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The Half-Hearted

12. Pastoral And Tragedy
The news of the election, brought to Glenavelin by a couple of ragged runners, had a
different result from that forecast by Lewis. Alice heard it with a heart unquickened; and
when, an hour after, the flushed, triumphant Mr. Stocks arrived in person to claim the
meed of success, he was greeted with a painful carelessness. Lady Manorwater had
been loud in her laments for her nephew, but to Mr. Stocks she gave the honest praise
which a warm-hearted woman cannot withhold from the fighter.
"Our principles have won," she cried. "Now who will call the place a Tory stronghold?
Oh, Mr. Stocks, you have done wonderfully, and I am very glad. I'm not a bit sorry for
Lewis, for he well deserved his beating."
But with Alice there could be neither pleasure nor its simulation. Her terrible honesty
forbade her the easy path of false congratulations. She bit her lip till tears filled her
eyes. What was this wretched position into which she had strayed? Lewis was all she
had feared, but he was Lewis, and far more than any bundle of perfections. A hot,
passionate craving for his presence was blinding her to reason. And this man who had
won--this, the fortunate politician--she cared for him not a straw. A strong dislike began
to grow in her heart to the blameless Mr. Stocks.
Dinner that night was a weary meal to the girl. Lady Manorwater prattled about the day's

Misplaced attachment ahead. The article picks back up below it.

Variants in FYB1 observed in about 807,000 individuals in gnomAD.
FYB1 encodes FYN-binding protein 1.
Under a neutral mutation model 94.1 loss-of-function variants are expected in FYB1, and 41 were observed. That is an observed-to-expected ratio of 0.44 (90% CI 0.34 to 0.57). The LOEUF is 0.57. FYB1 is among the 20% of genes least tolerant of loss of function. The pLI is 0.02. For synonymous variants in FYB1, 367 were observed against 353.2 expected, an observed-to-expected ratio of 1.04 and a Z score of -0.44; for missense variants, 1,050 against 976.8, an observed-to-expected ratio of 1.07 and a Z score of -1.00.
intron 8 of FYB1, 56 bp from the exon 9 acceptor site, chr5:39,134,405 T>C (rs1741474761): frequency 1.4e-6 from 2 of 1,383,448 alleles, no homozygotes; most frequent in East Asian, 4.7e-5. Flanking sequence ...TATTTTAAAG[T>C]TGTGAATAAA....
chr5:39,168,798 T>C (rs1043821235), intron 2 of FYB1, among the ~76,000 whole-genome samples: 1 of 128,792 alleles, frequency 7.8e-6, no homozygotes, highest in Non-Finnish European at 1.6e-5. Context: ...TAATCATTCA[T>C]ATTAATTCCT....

events, and Lord Manorwater, hopelessly bored, ate his food in silence. The lively
Bertha had gone to bed with a headache, and the younger Miss Afflint was the
receptacle for the moment of her hostess's confidences. Alice sat between Mr. Stocks
and Arthur, facing a tall man with a small head and immaculate hair who had ridden
over to dine and sleep. One of the two had the wisdom to see her humour and keep
silent, though the thought plunged him into a sea of ugly reflections. It would be hard if,
now that things were going well with him, the lady alone should prove obdurate. For in
all this politician's daydreams a dainty figure walked by his side, sat at his table's head,
received his friends, fascinated austere ministers, and filled his pipe of an evening at
home.
Arthur was silent, and to him the lady turned in vain. He treated her with an elaborate
politeness which sat ill on his brusque manners, and for the most part showed no desire
to enliven the prevailing dulness. But after dinner he carried her off to the gardens on
the plea of fresh air and a fine sunset, and the girl, who liked the boy, went gladly. Then
the reason of his silence was made plain. He dismayed her by becoming lovesick.
"Tell me your age, Alice," he implored.
"I am twenty at Christmas time," said the girl, amazed at the question.
 
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